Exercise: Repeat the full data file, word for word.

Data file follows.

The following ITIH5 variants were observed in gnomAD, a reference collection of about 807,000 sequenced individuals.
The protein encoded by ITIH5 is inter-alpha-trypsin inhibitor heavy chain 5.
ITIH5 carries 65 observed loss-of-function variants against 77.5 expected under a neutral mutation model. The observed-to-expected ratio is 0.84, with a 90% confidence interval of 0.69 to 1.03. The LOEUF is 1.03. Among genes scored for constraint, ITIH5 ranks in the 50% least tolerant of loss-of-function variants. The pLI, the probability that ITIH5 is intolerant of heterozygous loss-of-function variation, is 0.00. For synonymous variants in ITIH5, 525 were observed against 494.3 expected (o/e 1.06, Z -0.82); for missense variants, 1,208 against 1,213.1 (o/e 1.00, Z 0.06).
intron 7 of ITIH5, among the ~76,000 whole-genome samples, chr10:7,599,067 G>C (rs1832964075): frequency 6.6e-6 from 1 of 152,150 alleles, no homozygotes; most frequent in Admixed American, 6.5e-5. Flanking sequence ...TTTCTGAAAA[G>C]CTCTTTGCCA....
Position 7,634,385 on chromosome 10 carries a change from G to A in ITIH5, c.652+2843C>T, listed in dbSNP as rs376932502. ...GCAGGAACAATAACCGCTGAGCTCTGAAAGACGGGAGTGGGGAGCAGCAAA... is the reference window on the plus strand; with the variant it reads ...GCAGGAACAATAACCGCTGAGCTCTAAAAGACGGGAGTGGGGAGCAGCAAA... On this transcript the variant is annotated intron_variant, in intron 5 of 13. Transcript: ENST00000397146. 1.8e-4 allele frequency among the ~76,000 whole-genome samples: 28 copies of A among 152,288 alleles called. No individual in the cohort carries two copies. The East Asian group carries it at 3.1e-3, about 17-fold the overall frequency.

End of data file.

The following ITIH5 variants were observed in gnomAD, a reference collection of about 807,000 sequenced individuals.
The protein encoded by ITIH5 is inter-alpha-trypsin inhibitor heavy chain 5.
ITIH5 carries 65 observed loss-of-function variants against 77.5 expected under a neutral mutation model. The observed-to-expected ratio is 0.84, with a 90% confidence interval of 0.69 to 1.03. The LOEUF is 1.03. Among genes scored for constraint, ITIH5 ranks in the 50% least tolerant of loss-of-function variants. The pLI, the probability that ITIH5 is intolerant of heterozygous loss-of-function variation, is 0.00. For synonymous variants in ITIH5, 525 were observed against 494.3 expected (o/e 1.06, Z -0.82); for missense variants, 1,208 against 1,213.1 (o/e 1.00, Z 0.06).
intron 7 of ITIH5, among the ~76,000 whole-genome samples, chr10:7,599,067 G>C (rs1832964075): frequency 6.6e-6 from 1 of 152,150 alleles, no homozygotes; most frequent in Admixed American, 6.5e-5. Flanking sequence ...TTTCTGAAAA[G>C]CTCTTTGCCA....
Position 7,634,385 on chromosome 10 carries a change from G to A in ITIH5, c.652+2843C>T, listed in dbSNP as rs376932502. ...GCAGGAACAATAACCGCTGAGCTCTGAAAGACGGGAGTGGGGAGCAGCAAA... is the reference window on the plus strand; with the variant it reads ...GCAGGAACAATAACCGCTGAGCTCTAAAAGACGGGAGTGGGGAGCAGCAAA... On this transcript the variant is annotated intron_variant, in intron 5 of 13. Transcript: ENST00000397146. 1.8e-4 allele frequency among the ~76,000 whole-genome samples: 28 copies of A among 152,288 alleles called. No individual in the cohort carries two copies. The East Asian group carries it at 3.1e-3, about 17-fold the overall frequency.